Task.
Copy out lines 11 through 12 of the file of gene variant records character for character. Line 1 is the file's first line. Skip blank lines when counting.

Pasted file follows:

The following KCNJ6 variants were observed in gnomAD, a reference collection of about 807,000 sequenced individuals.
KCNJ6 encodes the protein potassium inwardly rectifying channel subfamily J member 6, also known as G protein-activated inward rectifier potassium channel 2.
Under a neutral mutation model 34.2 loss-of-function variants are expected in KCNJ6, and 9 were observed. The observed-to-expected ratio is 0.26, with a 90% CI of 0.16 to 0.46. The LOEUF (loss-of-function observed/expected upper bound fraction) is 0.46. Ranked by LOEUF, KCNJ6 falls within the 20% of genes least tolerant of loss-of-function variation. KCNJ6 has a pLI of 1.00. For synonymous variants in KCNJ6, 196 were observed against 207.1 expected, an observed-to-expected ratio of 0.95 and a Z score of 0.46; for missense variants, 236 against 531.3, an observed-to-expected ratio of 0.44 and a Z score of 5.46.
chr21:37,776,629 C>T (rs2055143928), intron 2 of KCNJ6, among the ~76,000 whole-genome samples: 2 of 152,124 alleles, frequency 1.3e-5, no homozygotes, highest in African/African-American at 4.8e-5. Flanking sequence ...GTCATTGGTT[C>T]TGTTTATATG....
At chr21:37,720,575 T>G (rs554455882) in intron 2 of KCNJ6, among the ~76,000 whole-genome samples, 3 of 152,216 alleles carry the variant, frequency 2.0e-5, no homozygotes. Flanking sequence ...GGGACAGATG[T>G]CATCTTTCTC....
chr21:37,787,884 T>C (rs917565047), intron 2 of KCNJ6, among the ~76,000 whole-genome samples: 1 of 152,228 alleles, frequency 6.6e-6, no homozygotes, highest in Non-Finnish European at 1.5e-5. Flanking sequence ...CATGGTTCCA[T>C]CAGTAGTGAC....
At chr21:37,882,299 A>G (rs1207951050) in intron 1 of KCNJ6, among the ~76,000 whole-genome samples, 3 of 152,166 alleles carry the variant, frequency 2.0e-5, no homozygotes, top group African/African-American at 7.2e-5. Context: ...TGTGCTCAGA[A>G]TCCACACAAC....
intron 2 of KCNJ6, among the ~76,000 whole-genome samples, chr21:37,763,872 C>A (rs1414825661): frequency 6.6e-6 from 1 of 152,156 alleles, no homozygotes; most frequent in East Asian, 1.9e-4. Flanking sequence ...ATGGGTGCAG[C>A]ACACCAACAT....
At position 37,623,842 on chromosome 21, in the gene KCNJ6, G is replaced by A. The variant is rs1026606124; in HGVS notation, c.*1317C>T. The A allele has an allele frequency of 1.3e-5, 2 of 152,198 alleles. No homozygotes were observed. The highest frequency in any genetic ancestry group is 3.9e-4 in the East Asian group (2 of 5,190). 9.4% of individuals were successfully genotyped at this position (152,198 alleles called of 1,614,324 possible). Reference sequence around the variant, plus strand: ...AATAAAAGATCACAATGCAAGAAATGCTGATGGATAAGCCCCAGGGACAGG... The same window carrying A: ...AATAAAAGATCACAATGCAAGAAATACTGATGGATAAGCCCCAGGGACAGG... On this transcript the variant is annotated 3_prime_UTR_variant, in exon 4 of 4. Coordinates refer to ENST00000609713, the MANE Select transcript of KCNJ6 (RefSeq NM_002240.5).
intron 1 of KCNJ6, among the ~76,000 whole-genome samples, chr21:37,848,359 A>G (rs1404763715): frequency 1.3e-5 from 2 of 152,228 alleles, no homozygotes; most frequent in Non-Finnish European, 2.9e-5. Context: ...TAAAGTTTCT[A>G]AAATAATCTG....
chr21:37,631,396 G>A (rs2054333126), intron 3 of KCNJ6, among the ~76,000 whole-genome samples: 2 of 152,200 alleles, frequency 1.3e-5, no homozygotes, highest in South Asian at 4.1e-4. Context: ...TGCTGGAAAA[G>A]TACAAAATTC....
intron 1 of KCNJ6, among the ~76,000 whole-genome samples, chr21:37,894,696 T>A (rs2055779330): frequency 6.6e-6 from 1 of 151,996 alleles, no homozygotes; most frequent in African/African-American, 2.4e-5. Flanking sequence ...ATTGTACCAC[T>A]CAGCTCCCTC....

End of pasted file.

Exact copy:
chr21:37,631,396 G>A (rs2054333126), intron 3 of KCNJ6, among the ~76,000 whole-genome samples: 2 of 152,200 alleles, frequency 1.3e-5, no homozygotes, highest in South Asian at 4.1e-4. Context: ...TGCTGGAAAA[G>A]TACAAAATTC....
intron 1 of KCNJ6, among the ~76,000 whole-genome samples, chr21:37,894,696 T>A (rs2055779330): frequency 6.6e-6 from 1 of 151,996 alleles, no homozygotes; most frequent in African/African-American, 2.4e-5. Flanking sequence ...ATTGTACCAC[T>A]CAGCTCCCTC....